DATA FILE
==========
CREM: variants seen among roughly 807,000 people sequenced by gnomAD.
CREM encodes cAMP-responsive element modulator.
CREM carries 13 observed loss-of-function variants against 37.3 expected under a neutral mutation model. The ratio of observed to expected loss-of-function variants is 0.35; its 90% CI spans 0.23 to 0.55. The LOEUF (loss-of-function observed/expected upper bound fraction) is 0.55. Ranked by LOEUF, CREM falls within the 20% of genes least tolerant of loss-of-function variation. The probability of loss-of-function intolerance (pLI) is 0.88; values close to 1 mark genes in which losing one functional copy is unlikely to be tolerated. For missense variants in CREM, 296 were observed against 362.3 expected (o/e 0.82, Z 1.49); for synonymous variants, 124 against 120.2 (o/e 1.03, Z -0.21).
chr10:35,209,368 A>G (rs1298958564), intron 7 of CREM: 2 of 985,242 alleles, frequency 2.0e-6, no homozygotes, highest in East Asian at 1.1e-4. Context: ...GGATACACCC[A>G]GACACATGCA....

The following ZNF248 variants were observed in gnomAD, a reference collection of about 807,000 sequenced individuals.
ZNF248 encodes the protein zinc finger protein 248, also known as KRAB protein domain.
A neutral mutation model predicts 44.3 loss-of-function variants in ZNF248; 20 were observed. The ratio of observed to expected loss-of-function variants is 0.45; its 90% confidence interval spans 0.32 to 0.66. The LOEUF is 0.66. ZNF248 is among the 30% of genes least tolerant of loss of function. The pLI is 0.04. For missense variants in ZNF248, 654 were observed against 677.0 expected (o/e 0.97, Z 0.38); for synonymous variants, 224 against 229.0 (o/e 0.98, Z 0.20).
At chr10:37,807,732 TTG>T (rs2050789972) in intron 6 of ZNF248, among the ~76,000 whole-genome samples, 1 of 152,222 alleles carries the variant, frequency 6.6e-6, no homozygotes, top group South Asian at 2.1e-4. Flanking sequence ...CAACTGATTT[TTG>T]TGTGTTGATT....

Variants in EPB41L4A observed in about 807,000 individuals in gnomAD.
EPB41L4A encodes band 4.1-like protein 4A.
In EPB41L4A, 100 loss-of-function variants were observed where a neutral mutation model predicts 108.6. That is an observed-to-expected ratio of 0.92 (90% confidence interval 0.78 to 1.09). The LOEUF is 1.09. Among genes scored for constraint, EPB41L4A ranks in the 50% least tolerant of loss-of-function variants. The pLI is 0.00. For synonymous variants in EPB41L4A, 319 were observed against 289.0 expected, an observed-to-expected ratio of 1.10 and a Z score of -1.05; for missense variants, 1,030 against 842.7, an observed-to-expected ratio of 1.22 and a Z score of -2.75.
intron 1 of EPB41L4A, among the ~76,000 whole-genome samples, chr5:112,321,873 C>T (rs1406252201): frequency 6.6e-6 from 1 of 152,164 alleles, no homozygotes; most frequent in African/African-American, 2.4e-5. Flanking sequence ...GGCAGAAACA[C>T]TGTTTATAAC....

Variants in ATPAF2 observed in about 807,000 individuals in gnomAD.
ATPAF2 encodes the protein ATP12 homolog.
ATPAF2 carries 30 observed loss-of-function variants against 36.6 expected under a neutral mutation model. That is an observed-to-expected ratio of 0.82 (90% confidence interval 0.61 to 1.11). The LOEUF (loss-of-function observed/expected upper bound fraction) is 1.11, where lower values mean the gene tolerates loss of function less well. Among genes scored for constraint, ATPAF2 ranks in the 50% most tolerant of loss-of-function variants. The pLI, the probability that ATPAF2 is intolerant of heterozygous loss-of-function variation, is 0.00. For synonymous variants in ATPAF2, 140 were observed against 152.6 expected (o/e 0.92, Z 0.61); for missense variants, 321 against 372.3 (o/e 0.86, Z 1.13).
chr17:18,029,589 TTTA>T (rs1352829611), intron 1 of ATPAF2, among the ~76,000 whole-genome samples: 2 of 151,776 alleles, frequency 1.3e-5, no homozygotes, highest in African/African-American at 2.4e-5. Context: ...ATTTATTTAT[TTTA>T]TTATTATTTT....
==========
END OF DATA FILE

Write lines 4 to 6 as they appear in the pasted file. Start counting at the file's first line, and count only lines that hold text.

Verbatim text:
chr10:35,209,368 A>G (rs1298958564), intron 7 of CREM: 2 of 985,242 alleles, frequency 2.0e-6, no homozygotes, highest in East Asian at 1.1e-4. Context: ...GGATACACCC[A>G]GACACATGCA....

The following ZNF248 variants were observed in gnomAD, a reference collection of about 807,000 sequenced individuals.
ZNF248 encodes the protein zinc finger protein 248, also known as KRAB protein domain.